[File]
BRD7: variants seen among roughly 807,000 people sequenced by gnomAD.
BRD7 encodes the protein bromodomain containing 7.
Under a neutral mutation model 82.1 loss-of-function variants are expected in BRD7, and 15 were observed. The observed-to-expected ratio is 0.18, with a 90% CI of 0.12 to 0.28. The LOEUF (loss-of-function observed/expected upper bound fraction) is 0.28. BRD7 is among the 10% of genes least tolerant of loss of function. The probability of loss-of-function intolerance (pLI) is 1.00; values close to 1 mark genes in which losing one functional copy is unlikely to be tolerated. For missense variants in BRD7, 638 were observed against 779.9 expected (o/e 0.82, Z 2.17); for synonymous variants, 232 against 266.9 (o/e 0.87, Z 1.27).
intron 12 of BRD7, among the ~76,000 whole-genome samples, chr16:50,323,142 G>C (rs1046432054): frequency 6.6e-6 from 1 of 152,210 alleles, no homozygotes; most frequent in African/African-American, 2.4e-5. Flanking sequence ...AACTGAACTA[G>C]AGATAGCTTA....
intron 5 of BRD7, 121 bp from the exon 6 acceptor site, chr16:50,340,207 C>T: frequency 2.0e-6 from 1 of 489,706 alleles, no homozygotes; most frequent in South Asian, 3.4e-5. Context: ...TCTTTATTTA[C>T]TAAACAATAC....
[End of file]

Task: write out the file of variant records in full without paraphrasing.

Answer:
BRD7: variants seen among roughly 807,000 people sequenced by gnomAD.
BRD7 encodes the protein bromodomain containing 7.
Under a neutral mutation model 82.1 loss-of-function variants are expected in BRD7, and 15 were observed. The observed-to-expected ratio is 0.18, with a 90% CI of 0.12 to 0.28. The LOEUF (loss-of-function observed/expected upper bound fraction) is 0.28. BRD7 is among the 10% of genes least tolerant of loss of function. The probability of loss-of-function intolerance (pLI) is 1.00; values close to 1 mark genes in which losing one functional copy is unlikely to be tolerated. For missense variants in BRD7, 638 were observed against 779.9 expected (o/e 0.82, Z 2.17); for synonymous variants, 232 against 266.9 (o/e 0.87, Z 1.27).
intron 12 of BRD7, among the ~76,000 whole-genome samples, chr16:50,323,142 G>C (rs1046432054): frequency 6.6e-6 from 1 of 152,210 alleles, no homozygotes; most frequent in African/African-American, 2.4e-5. Flanking sequence ...AACTGAACTA[G>C]AGATAGCTTA....
intron 5 of BRD7, 121 bp from the exon 6 acceptor site, chr16:50,340,207 C>T: frequency 2.0e-6 from 1 of 489,706 alleles, no homozygotes; most frequent in South Asian, 3.4e-5. Context: ...TCTTTATTTA[C>T]TAAACAATAC....